You’ve Been Using a Gender-Neutral Bathroom this Whole Time


Even with the growing understanding and continued support of the LGBTQ+ community, there are still naysayers who continue to speak negatively on any efforts made to stand in solidarity with our LGBTQ+ friends.

Recently, companies have been highlighting the implementation of their recently added “All Gender Restrooms” in an effort to destigmatize the concept of gender. Many took to the social media streets indicating that gender-neutral restrooms are ‘dangerous’ and ‘sexual fluidity is insanity.’

In a poll conducted by, 53% of voters were not in favor of gender-neutral restrooms making statements such as: “This just makes it easier for anyone to follow me into the restroom” – as if the sign that says “Women” or “Men” could prohibit anyone from doing so in the first place. What’s even more appalling is that people only have an issue with all gender restrooms, when it is labeled as ‘All Gender Restroom.”

The University of New Haven has 24 gender-neutral restrooms, not labeled explicitly as so, but are used by all members of the campus community. You may be familiar with the single restroom on the first floor of Kaplan Hall near the north end of the building? That’s an all gender restroom. Or maybe you’ve seen the restroom on the third floor of the library? You got it, all gender. Maxcy Hall alone has four gender-neutral restrooms.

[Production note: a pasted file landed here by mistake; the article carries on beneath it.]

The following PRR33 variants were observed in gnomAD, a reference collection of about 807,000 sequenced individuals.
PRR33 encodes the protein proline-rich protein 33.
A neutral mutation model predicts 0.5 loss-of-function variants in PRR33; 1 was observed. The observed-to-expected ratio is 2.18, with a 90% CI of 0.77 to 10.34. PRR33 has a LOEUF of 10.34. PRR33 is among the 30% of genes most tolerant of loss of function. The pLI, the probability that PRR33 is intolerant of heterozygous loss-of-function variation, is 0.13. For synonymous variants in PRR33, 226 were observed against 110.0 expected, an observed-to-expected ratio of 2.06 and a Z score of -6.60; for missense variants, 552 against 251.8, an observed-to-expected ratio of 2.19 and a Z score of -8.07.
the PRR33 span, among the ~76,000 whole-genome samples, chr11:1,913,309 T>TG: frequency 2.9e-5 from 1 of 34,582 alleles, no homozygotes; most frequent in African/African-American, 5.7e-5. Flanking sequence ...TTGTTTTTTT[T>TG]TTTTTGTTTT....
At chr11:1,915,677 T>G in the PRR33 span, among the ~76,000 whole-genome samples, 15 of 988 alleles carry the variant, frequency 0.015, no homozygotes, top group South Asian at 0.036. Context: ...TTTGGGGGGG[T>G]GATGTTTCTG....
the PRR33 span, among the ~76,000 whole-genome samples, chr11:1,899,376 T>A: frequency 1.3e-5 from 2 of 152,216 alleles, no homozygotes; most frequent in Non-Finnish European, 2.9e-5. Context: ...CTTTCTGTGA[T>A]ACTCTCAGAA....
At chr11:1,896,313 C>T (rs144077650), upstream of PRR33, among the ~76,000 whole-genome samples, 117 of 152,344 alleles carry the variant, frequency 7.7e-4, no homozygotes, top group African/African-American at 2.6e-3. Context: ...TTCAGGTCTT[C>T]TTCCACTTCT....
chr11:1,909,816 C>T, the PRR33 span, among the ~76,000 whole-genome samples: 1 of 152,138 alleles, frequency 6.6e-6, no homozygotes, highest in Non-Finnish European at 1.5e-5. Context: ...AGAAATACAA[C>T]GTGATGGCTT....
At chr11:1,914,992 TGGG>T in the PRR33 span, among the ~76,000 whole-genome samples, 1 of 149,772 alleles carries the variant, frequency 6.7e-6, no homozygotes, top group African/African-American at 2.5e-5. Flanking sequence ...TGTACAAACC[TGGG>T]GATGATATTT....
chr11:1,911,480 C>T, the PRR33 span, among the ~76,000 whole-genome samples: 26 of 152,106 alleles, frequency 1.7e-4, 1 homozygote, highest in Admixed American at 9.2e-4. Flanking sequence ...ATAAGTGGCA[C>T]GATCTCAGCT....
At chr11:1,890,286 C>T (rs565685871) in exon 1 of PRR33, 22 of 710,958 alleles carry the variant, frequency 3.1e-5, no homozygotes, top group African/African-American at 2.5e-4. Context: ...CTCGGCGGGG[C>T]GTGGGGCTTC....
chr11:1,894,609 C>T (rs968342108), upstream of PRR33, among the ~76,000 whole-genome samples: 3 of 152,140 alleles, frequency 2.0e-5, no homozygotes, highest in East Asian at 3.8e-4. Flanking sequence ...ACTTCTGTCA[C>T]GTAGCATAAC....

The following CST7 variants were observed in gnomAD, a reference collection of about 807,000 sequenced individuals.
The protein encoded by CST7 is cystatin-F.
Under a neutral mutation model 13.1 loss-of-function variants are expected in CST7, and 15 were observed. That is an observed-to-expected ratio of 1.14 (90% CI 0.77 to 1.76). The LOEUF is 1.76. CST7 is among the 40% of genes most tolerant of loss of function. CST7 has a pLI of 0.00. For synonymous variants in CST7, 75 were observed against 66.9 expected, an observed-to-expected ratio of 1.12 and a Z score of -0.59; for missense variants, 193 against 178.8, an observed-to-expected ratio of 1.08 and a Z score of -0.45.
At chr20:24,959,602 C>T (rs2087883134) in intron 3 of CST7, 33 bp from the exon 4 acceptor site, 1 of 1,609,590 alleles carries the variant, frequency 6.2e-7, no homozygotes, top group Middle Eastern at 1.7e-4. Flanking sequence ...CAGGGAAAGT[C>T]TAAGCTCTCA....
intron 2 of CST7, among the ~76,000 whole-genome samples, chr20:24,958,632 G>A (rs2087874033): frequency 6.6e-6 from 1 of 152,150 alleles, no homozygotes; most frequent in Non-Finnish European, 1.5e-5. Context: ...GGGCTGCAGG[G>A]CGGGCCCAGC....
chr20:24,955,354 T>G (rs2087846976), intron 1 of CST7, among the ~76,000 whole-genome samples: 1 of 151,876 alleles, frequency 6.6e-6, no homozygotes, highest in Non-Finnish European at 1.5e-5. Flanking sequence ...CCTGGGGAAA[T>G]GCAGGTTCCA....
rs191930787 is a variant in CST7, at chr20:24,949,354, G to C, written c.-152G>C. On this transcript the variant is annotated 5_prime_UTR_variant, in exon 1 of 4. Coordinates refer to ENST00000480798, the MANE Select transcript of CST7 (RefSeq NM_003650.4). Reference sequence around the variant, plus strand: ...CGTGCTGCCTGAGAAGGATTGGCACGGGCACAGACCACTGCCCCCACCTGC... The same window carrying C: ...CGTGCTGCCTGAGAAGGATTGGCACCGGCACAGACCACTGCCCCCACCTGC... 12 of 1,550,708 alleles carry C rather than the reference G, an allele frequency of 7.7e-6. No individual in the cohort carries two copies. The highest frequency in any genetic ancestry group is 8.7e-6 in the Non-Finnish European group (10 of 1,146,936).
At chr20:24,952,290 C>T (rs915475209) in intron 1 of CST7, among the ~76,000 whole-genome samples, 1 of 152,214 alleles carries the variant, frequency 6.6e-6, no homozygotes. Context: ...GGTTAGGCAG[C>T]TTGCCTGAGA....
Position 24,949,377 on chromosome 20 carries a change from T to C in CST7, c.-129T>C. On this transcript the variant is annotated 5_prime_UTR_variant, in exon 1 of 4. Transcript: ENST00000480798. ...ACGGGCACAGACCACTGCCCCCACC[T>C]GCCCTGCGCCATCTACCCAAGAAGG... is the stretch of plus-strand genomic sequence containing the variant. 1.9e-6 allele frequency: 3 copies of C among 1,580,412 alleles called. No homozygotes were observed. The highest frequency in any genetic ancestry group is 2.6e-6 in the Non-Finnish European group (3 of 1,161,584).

For on-campus residents, residence halls such as Bethel Hall and Winchester Hall have commonplace restrooms with no gender label, and people feel comfortable using them.

So why does this matter bother people?

While being concerned for your safety from harassment is valid, gender-neutral bathrooms are not to blame. Showing support and standing in solidarity with people is what helps to create a safe space on campus and helping our friends feel even more comfortable and accepted on campus.

Gender-neutral restrooms should not be looked at through a negative lens, as their existence has never been known to be a threat to others. The attachment of ‘danger’ to these facilities is only an attempt to continue to exclude persons from being comfortable in their own skin and being comfortable in their community.

Accept those around you and support those who differ from you. With an open mind and understanding, you could be the one that makes this campus feel a little more like home to another.